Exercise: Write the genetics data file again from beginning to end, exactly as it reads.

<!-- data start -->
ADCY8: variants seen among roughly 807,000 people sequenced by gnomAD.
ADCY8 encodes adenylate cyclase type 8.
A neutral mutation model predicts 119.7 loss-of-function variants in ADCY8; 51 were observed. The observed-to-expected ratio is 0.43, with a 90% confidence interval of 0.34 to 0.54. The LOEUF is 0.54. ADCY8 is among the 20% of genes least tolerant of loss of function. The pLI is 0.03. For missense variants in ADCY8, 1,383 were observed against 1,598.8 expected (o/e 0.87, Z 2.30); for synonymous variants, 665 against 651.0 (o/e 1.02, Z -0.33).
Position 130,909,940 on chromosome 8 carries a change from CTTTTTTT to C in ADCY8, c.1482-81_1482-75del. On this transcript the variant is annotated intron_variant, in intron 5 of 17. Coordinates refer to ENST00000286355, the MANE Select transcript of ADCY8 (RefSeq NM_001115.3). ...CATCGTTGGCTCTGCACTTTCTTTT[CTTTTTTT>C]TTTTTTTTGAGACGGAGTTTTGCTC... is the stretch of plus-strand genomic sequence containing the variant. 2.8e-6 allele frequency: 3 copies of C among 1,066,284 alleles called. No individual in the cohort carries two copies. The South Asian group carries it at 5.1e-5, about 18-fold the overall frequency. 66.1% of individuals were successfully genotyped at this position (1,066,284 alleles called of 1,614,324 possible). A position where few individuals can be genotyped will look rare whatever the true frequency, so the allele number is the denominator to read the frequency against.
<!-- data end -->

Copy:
ADCY8: variants seen among roughly 807,000 people sequenced by gnomAD.
ADCY8 encodes adenylate cyclase type 8.
A neutral mutation model predicts 119.7 loss-of-function variants in ADCY8; 51 were observed. The observed-to-expected ratio is 0.43, with a 90% confidence interval of 0.34 to 0.54. The LOEUF is 0.54. ADCY8 is among the 20% of genes least tolerant of loss of function. The pLI is 0.03. For missense variants in ADCY8, 1,383 were observed against 1,598.8 expected (o/e 0.87, Z 2.30); for synonymous variants, 665 against 651.0 (o/e 1.02, Z -0.33).
Position 130,909,940 on chromosome 8 carries a change from CTTTTTTT to C in ADCY8, c.1482-81_1482-75del. On this transcript the variant is annotated intron_variant, in intron 5 of 17. Coordinates refer to ENST00000286355, the MANE Select transcript of ADCY8 (RefSeq NM_001115.3). ...CATCGTTGGCTCTGCACTTTCTTTT[CTTTTTTT>C]TTTTTTTTGAGACGGAGTTTTGCTC... is the stretch of plus-strand genomic sequence containing the variant. 2.8e-6 allele frequency: 3 copies of C among 1,066,284 alleles called. No individual in the cohort carries two copies. The South Asian group carries it at 5.1e-5, about 18-fold the overall frequency. 66.1% of individuals were successfully genotyped at this position (1,066,284 alleles called of 1,614,324 possible). A position where few individuals can be genotyped will look rare whatever the true frequency, so the allele number is the denominator to read the frequency against.